The main interactivity is thing of incense that you have that you can burn to stop the goblins. However, it isn't always clear when you can do this; frequently when the goblins were doing something bad I tried to use it, but just wasted my 'charges'. It seems reserved for moments when (Spoiler - click to show)the game is trapped in a loop.
There were a few typos here and there. The story often switches between second and third person, although that might just be me as a non-native speaker misunderstanding. As for the story itself, it was very descriptive with a wide variety of characters and a lot of imagination. Goblins were tied together with a high school that was once a military base, and both tied to another world. It was a complex and long story, and one I'm not sure I understood very well. But the story itself, with the images and the sounds, are a great accomplishment. I just wish I could have done more myself.
This is a pretty weird game. It's a horror game written for the Spanish division of Ectocomp, and it has tons of illustrations that are made by posing some 3d models whose quality is somewhere between roblox and Sims. It's intentionally garish and pretty funny.
In the game, one of your old friends who had been ghosting you invites you to a party hosted by the most popular girl in school, Steisy. Unfortunately, dastardly things are happening there.
I got a bad ending, but didn't feel like replaying, as I prefer text-only games (or at least games where the text is the primary source of interaction). There were several puzzles involving movement and collecting objects. There are some sexual references and a variety of profanity (I learned some new words!) Overall, a funny experiment.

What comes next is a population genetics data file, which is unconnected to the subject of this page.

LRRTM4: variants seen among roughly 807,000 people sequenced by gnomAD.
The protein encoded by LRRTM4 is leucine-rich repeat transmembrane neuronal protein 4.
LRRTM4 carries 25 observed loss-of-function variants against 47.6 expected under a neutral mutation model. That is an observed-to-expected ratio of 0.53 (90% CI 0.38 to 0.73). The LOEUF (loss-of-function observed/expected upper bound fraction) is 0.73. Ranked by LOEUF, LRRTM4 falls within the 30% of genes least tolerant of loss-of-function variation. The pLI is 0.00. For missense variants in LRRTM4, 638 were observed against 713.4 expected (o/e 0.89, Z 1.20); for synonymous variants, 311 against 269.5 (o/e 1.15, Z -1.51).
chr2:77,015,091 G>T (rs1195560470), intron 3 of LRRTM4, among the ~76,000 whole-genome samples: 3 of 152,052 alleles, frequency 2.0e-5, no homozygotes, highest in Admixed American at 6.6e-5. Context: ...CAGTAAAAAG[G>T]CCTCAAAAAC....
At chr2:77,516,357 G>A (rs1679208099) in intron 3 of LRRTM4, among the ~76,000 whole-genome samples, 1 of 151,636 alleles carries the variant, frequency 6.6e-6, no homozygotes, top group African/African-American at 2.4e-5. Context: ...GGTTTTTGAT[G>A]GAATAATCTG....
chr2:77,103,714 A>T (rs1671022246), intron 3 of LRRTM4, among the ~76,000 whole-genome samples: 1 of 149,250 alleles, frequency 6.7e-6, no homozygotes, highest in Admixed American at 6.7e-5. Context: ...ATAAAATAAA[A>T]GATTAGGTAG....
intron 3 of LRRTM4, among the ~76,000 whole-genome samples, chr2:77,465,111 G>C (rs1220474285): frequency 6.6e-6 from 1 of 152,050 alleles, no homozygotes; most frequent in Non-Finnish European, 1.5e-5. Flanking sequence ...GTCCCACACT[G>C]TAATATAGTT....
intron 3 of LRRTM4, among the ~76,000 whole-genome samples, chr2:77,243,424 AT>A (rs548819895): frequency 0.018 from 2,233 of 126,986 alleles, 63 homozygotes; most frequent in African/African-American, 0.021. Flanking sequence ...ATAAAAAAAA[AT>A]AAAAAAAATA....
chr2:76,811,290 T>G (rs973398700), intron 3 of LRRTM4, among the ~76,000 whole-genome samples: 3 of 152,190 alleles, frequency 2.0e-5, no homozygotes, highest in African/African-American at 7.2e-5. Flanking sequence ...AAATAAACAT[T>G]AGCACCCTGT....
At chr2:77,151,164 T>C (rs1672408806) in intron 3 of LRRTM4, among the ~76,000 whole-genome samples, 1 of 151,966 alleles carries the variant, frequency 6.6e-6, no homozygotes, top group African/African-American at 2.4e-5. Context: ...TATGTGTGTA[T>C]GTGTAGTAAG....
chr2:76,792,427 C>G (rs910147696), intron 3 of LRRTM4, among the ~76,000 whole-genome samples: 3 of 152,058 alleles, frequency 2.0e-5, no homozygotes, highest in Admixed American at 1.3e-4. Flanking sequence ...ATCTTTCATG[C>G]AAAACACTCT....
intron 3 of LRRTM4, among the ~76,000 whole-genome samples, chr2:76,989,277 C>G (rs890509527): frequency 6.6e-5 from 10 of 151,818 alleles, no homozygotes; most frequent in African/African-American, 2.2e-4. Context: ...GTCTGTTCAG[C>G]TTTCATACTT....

This game was entered in the Spanish division of Ectocomp as a Grand Guignol game, meaning it took > 4 hours to complete.
It is an excellently written game, using amusing and complex writing to tell the tales of a haunted castle. It has the form of a CYOA book, with different 'page numbers' references (although they aren't actually numbered). Different branching paths let you experience different monsters.
As a non-native speaker, I found a lot of words I didn't know here, as the author uses very descriptive and colloquial language. I found two monsters in two different paths. One, (Spoiler - click to show)the succubus, included some sexual scenes that were detailed but not explicitly describe sexual acts.
Once you've completed a path, the game gives you links to interesting facts about the creatures you encountered and lets you 'warp back' to a convenient place to find other paths. Overall, this was very well written.
For the better part of a decade, Arthur DiBianca has been putting out limited parser games, where most commands are shut off and only a few work.
This game is kind of an opposite version of that. Instead of few commands, there are tons of commands, some of which you have to guess (for full completion) and most of which you don't know what they do.
This is a game that invites experimentation and discovery. Part of the fun is trying out a command and having it do something surprising but, in hindsight, reasonable.
There's not much storywise, but a lot of depth. Reaching the first winning situation isn't too hard, but getting all the points is very difficult (I admit I looked at the intfiction thread for most of the extra credit points).
Overall, I found the game enjoyable.
This is a pretty long game content-wise but pretty short choice-wise.
You are a new legal expert at a firm (I think?) and you're asked to look through evidence in an old case.
The case is described from beginning to end, primarily through PDF documentation that opens in another window. Your character can react to what they find, but opening and reading the documents is the main form of interaction, kind of like the more involved SCPs on the SCP wiki.